On a June day in 1977, at the age of 14, my close friend Alan Rotman and I bicycled just over 100 miles. We started in Framingham, Massachusetts, passed through Woods Hole, from where we took the ferry, to Martha’s Vineyard and ended up at the HI Martha’s Vineyard hostel. Not only was it a full day but it was our first “century.” After several days of biking around Martha’s Vineyard and visiting with friends, from the Burlington High School Outdoor Club, who were staying at the hostel, we biked back home. Al and I completed the same trip the following year and started to realize that long distance riding was becoming part of our young lives.
Always up for a challenge, in June 1980 Alan and I bicycled 1,000 miles from Alan’s house in Worcester, MA to Niagara Falls and back in 15 days. We stayed in campgrounds and with friends along the way. Once at Niagara Falls, we enjoyed a ride on the Maid of the Mist boat that circles near the bottom of the American and Horseshoe Falls. I remember wearing the black raincoat that kept me dry as we boated through the casting water from the falls.
This trip convinced us that we were strong enough to bicycle across America.
And so the journey began the following June, in 1981.
We dipped our front tires into Boston Harbor near the New England Aquarium and set our goal of running into the Pacific with our bikes over our heads signifying our successful trip.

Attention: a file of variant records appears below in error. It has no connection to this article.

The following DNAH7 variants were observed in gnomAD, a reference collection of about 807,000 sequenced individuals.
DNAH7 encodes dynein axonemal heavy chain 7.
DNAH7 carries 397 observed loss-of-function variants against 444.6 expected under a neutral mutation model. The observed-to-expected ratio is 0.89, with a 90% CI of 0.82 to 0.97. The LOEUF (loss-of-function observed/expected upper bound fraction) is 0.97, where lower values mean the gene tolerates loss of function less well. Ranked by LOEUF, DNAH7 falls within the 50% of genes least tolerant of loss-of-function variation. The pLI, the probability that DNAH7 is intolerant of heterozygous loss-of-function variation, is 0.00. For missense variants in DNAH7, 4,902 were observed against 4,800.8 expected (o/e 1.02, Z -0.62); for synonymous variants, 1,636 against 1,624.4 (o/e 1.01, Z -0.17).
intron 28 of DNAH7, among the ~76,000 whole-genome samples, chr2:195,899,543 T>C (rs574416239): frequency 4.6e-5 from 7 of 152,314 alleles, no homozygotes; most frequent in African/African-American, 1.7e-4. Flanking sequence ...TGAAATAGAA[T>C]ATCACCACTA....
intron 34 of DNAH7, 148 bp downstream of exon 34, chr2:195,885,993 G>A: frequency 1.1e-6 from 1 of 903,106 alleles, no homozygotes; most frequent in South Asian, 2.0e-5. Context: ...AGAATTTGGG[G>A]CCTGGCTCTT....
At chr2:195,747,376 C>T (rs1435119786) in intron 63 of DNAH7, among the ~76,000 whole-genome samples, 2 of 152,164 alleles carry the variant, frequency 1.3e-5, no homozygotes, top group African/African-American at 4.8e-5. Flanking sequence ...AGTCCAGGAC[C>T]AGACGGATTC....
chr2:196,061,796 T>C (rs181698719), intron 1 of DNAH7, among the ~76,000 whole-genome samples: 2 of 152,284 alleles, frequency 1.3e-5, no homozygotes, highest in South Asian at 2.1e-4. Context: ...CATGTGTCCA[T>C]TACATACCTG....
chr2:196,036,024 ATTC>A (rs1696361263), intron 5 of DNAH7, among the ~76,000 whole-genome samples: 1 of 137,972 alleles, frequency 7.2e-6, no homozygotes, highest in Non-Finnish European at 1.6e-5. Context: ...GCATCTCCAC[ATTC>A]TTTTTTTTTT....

When we left Boston we took the northern route and followed roads through Massachusetts, New York, Ontario, Michigan, Indiana, Illinois, Wisconsin, Minnesota, South Dakota, Wyoming, Idaho, Utah, Nevada, and California.
We climbed over the Berkshire Mountains, the Rocky Mountains, the Sierra Nevada Mountains, and California Coast Range.
We pedaled through the Bonneville Salt Flats in the middle of a 100 degree day.
We completed our longest single day of 185 miles from Winnemucca to Reno.
49 days and 3,800 miles later we raised our bikes over our heads and ran into the Pacific on the beach in front of Ghirardelli Square in San Francisco.
When I reflect on this trip, it makes me laugh that Al and I were fearless and at the same time clueless. We had no cell phones or GPS, no real master plan other than heading west each day. We relied on AAA paper maps and by asking lots of questions to locals.
We were so fortunate that those we met were engaging and for the most part supportive and kind. A family in White South Dakota let us stay in their guest room despite only having met us hours before. One night we slept under an overhang of a shopping center and in the morning a nice couple brought us donuts and coffee from a local shop. We were also welcomed with open arms from strangers in Ypsilanti, MI, Jackson Hole, WY, and Salt Lake City, UT.
My takeaways from these trips are America is BIG, exploring new placing is fun and exciting, and for the most part people are thoughtful and kind.